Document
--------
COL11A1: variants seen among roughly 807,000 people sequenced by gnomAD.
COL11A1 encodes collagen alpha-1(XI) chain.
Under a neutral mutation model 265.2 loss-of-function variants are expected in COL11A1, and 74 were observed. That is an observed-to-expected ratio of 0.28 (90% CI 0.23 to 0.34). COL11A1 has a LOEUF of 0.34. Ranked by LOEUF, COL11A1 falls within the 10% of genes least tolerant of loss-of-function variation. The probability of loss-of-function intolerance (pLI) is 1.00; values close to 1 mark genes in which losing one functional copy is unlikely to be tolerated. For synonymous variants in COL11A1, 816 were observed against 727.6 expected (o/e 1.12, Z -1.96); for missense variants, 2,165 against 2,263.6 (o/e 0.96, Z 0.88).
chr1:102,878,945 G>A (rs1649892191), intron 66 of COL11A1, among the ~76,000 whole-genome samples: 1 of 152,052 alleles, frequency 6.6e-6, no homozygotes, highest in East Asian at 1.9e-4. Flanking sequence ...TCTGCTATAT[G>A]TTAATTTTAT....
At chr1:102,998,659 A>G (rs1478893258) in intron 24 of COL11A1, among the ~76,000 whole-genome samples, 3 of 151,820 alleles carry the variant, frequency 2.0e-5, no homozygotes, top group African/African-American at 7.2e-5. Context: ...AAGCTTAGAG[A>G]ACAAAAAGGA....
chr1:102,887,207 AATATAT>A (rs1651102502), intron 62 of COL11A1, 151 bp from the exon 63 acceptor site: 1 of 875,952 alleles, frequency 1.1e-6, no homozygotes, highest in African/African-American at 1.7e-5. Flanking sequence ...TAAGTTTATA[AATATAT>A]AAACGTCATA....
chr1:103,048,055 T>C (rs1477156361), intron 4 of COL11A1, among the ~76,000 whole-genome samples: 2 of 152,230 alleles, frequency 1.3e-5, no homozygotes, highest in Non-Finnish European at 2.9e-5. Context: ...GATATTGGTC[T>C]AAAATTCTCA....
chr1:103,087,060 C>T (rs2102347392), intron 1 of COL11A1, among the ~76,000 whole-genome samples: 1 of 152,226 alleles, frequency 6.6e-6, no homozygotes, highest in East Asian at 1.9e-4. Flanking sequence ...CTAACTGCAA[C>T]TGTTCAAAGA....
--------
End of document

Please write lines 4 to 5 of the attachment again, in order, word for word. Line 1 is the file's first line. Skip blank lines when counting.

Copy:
chr1:102,878,945 G>A (rs1649892191), intron 66 of COL11A1, among the ~76,000 whole-genome samples: 1 of 152,052 alleles, frequency 6.6e-6, no homozygotes, highest in East Asian at 1.9e-4. Flanking sequence ...TCTGCTATAT[G>A]TTAATTTTAT....
At chr1:102,998,659 A>G (rs1478893258) in intron 24 of COL11A1, among the ~76,000 whole-genome samples, 3 of 151,820 alleles carry the variant, frequency 2.0e-5, no homozygotes, top group African/African-American at 7.2e-5. Context: ...AAGCTTAGAG[A>G]ACAAAAAGGA....